[Marxism] Tweets from Luigi Pagarini on Corbyn

Louis Proyect lnp3 at panix.com
Sun Dec 15 09:42:57 MST 2019


I did around 120 hours of canvassing in London, Bedford and Milton 
Keynes. I didn’t expect this result but here’s how I can make sense of 
it from what I encountered on the doorstep.

The age differential was stark. Of course many of the older people I 
spoke to were polite and pleasant but 100% of the people who were rude 
and hostile were 50-80 years old. All of the oldest (>80) and younger 
(<40) voters were polite, whomever they were voting for.

There was a visceral hatred of Corbyn (sometimes combined with Diane 
Abbott) from a section of voters outside inner London, primarily older 
white voters, both middle and working class. So far, so obvious. How did 
the demonization of Corbyn have such a strong effect in 2019 but not in 
2017?

Although on the face of it that demonization has been raw and 
relentless, actually it has only circled around the key charge, never 
making it explicit,... ... so it has taken four years for low engagement 
voters to absorb it fully. The real charge against Corbyn is that he 
fundamentally believes that British/white lives are of equal value with 
the lives of others.

Our opponents wouldn’t put it so bluntly but that is what it has always 
been about. That prioritisation of British lives must always be assumed, 
never justified, taken for granted as the ground the state is built on, 
never officially avowed except through ritual. The cenotaph. Gerry 
Adams. Prosecutions of historic crimes in N.I. Laying wreaths in foreign 
cemeteries. Poppies. Diane Abbott. Pushing the button. Watching the 
Queen at Christmas.

It is impossible to defend Corbyn against this unspoken charge because 
it is clearly true. When these voters talk about having paid into the 
system all their lives, they’re not just talking about literal national 
insurance payments and the financial benefits they’re entitled to in 
recompense.

They’re talking about a life of loyalty and deference to the state they 
expected to be their exclusive patron; and now they see a Labour leader 
who seems to invite the whole world to his allotment, to offer his 
homemade jam to anyone who needs it,... ... no matter which flags their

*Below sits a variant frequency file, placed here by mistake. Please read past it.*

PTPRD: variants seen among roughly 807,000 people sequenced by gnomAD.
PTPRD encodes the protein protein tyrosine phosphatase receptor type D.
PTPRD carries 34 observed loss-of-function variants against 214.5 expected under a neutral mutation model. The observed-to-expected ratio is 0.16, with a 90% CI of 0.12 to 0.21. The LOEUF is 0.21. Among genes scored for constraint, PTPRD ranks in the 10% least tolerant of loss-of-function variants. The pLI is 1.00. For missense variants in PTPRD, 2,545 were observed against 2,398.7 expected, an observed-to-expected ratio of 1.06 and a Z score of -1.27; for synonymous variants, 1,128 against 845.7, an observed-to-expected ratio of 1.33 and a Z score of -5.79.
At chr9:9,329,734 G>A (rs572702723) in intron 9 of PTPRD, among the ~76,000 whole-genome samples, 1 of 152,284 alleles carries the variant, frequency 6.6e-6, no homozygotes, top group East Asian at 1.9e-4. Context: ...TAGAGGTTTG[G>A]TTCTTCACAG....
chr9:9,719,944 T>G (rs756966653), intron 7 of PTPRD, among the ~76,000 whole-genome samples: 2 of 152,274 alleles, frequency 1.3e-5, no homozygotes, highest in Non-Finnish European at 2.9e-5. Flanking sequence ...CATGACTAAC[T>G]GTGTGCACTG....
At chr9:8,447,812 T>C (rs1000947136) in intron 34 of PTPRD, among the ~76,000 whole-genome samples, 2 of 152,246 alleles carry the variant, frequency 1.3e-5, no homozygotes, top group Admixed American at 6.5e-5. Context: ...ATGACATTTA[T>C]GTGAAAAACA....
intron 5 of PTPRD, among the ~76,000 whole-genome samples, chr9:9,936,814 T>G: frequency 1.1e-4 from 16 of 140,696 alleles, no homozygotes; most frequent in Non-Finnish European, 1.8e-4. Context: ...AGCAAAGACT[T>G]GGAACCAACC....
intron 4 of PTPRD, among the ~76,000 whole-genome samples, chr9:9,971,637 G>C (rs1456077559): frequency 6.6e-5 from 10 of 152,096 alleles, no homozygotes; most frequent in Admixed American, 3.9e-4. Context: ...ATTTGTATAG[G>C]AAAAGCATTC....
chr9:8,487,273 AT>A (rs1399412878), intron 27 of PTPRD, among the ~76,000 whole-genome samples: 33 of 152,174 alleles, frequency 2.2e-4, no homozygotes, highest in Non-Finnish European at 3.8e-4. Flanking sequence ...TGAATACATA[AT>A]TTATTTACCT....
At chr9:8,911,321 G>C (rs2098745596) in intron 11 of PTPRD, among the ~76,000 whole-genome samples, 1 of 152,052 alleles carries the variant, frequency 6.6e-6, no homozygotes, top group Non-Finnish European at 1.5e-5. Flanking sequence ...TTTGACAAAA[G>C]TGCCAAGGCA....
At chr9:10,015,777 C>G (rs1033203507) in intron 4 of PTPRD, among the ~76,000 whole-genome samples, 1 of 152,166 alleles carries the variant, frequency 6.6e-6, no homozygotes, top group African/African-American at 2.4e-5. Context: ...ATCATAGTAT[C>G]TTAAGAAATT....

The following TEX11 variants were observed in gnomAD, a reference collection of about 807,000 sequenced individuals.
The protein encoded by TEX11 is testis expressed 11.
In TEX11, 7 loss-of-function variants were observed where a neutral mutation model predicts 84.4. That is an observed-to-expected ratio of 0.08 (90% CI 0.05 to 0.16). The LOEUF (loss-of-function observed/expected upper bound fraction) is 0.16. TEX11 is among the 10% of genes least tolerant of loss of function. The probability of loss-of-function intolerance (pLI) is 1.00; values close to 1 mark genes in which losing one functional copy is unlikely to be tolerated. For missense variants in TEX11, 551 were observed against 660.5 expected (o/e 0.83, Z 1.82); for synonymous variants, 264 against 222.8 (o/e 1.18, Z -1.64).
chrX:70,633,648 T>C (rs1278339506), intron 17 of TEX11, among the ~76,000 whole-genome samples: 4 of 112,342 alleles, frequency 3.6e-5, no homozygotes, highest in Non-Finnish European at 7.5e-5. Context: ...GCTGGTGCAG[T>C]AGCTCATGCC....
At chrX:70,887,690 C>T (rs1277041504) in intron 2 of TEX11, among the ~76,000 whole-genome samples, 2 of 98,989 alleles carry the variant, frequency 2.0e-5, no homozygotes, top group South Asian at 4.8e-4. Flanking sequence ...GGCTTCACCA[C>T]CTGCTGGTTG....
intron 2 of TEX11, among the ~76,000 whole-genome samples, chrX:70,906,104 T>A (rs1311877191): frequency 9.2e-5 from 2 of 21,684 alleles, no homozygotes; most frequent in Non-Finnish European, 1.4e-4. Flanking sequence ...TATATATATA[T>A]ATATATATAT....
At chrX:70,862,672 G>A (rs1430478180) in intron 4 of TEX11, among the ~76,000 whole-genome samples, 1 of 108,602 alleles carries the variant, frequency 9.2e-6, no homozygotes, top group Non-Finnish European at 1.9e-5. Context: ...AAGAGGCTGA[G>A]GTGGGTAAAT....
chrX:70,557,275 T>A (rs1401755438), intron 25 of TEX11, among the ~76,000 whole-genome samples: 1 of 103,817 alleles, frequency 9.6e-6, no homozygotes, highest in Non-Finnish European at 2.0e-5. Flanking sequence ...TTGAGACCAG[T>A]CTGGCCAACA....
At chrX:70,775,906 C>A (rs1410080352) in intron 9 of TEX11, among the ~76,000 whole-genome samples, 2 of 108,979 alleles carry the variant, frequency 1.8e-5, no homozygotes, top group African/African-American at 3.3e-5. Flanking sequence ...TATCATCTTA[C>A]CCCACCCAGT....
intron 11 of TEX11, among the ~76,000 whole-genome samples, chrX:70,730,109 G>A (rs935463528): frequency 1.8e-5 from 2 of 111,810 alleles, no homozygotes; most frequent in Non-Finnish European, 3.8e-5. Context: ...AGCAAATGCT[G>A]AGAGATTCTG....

ancestors have spilt their blood for. I think this is also how the 
anti-semitism scandal had such a big effect on people who don’t really 
care about anti-semitism itself.

Leaving aside all the people who do care about anti-semitism for its own 
sake,... ... for a lot of people Corbyn’s association with anti-semitism 
seems to represent his association with Islam, where Islam in turn comes 
to stand for the undifferentiated mass of humanity making a claim for 
equal eminence.

What is particularly strange about all this is how it has moved away 
from primarily a concern about immigration itself, to a broader set of 
questions of patriotism, fiscal constraint, Brexit for its own sake 
rather than to end free movement, and deference to authority. With such 
voters, already retired or coming towards the end of their careers, talk 
of what we can build together leaves them sceptical and uncomprehending. 
It seems more zero sum to them.

We have salvaged a small horde from the imperial wreck and only those 
whose fealty is proven can claim their share. I have absolutely no idea 
how we can appeal to such people. The idea of taxing the rich didn’t 
seem persuasive as these people just think it is impossible.

They want the patronage of the powerful, not to challenge their power. I 
also canvassed a lot of young (18-35) working class people who had very 
little engagement with politics. Many had voted in the referendum (leave 
or remain but with much less conviction than the older voters) but only 
occasionally vote otherwise. Many had never heard about class politics 
at all.

The idea of working class people voting for a party to tax the rich to 
pay for redistribution and public services was completely novel, and 
generally immediately attractive. It was amazing to see how quickly and 
instinctively they grasped a left-wing agenda while saying they had 
never thought about it before. There seems like a huge opportunity there 
for the left to make inroads with younger non-graduates in towns but how 
do we reach them? Organising and social media I guess?





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